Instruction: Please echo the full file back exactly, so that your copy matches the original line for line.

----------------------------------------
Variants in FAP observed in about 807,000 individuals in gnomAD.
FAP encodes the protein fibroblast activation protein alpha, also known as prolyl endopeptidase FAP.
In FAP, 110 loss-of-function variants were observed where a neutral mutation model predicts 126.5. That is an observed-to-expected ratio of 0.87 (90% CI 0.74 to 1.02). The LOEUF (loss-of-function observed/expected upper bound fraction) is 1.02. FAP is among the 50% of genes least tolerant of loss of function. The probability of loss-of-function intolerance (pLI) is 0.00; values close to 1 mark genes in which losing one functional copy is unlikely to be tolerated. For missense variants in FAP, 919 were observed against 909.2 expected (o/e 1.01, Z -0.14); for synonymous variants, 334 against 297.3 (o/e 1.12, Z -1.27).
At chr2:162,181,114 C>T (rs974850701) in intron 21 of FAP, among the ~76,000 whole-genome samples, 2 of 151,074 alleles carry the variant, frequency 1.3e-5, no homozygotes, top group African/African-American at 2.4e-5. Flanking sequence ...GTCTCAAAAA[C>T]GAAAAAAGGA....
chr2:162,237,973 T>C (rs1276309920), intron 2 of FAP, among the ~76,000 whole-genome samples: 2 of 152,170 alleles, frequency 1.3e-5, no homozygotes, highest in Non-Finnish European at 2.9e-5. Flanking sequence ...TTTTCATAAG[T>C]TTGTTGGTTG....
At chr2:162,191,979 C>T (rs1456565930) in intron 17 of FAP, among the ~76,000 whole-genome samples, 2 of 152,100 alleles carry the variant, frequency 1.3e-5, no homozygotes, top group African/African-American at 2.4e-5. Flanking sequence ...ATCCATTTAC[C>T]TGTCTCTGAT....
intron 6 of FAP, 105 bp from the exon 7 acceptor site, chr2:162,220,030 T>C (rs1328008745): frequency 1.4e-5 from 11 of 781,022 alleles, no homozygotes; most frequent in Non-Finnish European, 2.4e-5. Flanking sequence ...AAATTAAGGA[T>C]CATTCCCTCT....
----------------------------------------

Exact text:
Variants in FAP observed in about 807,000 individuals in gnomAD.
FAP encodes the protein fibroblast activation protein alpha, also known as prolyl endopeptidase FAP.
In FAP, 110 loss-of-function variants were observed where a neutral mutation model predicts 126.5. That is an observed-to-expected ratio of 0.87 (90% CI 0.74 to 1.02). The LOEUF (loss-of-function observed/expected upper bound fraction) is 1.02. FAP is among the 50% of genes least tolerant of loss of function. The probability of loss-of-function intolerance (pLI) is 0.00; values close to 1 mark genes in which losing one functional copy is unlikely to be tolerated. For missense variants in FAP, 919 were observed against 909.2 expected (o/e 1.01, Z -0.14); for synonymous variants, 334 against 297.3 (o/e 1.12, Z -1.27).
At chr2:162,181,114 C>T (rs974850701) in intron 21 of FAP, among the ~76,000 whole-genome samples, 2 of 151,074 alleles carry the variant, frequency 1.3e-5, no homozygotes, top group African/African-American at 2.4e-5. Flanking sequence ...GTCTCAAAAA[C>T]GAAAAAAGGA....
chr2:162,237,973 T>C (rs1276309920), intron 2 of FAP, among the ~76,000 whole-genome samples: 2 of 152,170 alleles, frequency 1.3e-5, no homozygotes, highest in Non-Finnish European at 2.9e-5. Flanking sequence ...TTTTCATAAG[T>C]TTGTTGGTTG....
At chr2:162,191,979 C>T (rs1456565930) in intron 17 of FAP, among the ~76,000 whole-genome samples, 2 of 152,100 alleles carry the variant, frequency 1.3e-5, no homozygotes, top group African/African-American at 2.4e-5. Flanking sequence ...ATCCATTTAC[C>T]TGTCTCTGAT....
intron 6 of FAP, 105 bp from the exon 7 acceptor site, chr2:162,220,030 T>C (rs1328008745): frequency 1.4e-5 from 11 of 781,022 alleles, no homozygotes; most frequent in Non-Finnish European, 2.4e-5. Flanking sequence ...AAATTAAGGA[T>C]CATTCCCTCT....